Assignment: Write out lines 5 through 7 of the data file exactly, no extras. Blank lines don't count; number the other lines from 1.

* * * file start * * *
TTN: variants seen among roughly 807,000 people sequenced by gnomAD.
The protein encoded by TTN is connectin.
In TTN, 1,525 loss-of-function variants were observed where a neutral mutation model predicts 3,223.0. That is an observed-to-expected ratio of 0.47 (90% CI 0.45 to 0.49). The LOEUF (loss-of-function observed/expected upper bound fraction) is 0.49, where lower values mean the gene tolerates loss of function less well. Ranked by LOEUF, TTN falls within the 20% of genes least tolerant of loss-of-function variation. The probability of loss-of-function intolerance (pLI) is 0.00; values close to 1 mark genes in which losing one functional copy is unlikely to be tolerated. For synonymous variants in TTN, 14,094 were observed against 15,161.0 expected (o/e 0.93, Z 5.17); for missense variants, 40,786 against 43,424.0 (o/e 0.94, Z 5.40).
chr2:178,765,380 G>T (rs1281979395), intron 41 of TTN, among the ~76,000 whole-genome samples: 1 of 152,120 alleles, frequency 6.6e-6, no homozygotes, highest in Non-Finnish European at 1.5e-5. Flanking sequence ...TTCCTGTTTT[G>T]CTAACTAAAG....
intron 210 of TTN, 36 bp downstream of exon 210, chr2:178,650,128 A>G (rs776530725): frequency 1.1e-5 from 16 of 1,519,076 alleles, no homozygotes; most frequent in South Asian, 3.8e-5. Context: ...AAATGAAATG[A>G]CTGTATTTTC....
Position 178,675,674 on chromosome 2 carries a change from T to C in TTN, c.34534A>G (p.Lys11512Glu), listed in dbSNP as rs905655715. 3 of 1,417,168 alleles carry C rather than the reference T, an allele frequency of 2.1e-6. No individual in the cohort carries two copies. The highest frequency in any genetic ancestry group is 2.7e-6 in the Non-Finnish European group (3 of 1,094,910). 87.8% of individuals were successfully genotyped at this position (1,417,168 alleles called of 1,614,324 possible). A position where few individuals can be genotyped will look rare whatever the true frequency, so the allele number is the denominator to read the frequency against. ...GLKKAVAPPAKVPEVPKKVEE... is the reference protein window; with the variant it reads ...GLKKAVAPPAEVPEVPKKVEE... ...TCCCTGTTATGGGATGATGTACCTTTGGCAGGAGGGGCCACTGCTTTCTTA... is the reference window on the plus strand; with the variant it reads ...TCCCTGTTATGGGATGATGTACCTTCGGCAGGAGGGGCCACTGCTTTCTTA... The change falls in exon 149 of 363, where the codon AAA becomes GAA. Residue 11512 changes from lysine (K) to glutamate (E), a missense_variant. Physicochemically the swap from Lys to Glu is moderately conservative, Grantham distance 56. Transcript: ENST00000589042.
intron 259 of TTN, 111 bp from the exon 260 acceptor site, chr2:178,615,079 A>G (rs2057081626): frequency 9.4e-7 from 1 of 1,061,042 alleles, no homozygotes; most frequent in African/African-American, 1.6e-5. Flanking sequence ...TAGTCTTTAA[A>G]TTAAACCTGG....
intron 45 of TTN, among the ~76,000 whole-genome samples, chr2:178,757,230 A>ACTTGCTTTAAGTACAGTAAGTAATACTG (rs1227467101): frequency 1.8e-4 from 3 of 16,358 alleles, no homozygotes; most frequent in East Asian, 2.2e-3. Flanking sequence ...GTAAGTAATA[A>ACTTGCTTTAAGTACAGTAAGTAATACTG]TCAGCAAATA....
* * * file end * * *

intron 210 of TTN, 36 bp downstream of exon 210, chr2:178,650,128 A>G (rs776530725): frequency 1.1e-5 from 16 of 1,519,076 alleles, no homozygotes; most frequent in South Asian, 3.8e-5. Context: ...AAATGAAATG[A>G]CTGTATTTTC....
Position 178,675,674 on chromosome 2 carries a change from T to C in TTN, c.34534A>G (p.Lys11512Glu), listed in dbSNP as rs905655715. 3 of 1,417,168 alleles carry C rather than the reference T, an allele frequency of 2.1e-6. No individual in the cohort carries two copies. The highest frequency in any genetic ancestry group is 2.7e-6 in the Non-Finnish European group (3 of 1,094,910). 87.8% of individuals were successfully genotyped at this position (1,417,168 alleles called of 1,614,324 possible). A position where few individuals can be genotyped will look rare whatever the true frequency, so the allele number is the denominator to read the frequency against. ...GLKKAVAPPAKVPEVPKKVEE... is the reference protein window; with the variant it reads ...GLKKAVAPPAEVPEVPKKVEE... ...TCCCTGTTATGGGATGATGTACCTTTGGCAGGAGGGGCCACTGCTTTCTTA... is the reference window on the plus strand; with the variant it reads ...TCCCTGTTATGGGATGATGTACCTTCGGCAGGAGGGGCCACTGCTTTCTTA... The change falls in exon 149 of 363, where the codon AAA becomes GAA. Residue 11512 changes from lysine (K) to glutamate (E), a missense_variant. Physicochemically the swap from Lys to Glu is moderately conservative, Grantham distance 56. Transcript: ENST00000589042.
intron 259 of TTN, 111 bp from the exon 260 acceptor site, chr2:178,615,079 A>G (rs2057081626): frequency 9.4e-7 from 1 of 1,061,042 alleles, no homozygotes; most frequent in African/African-American, 1.6e-5. Flanking sequence ...TAGTCTTTAA[A>G]TTAAACCTGG....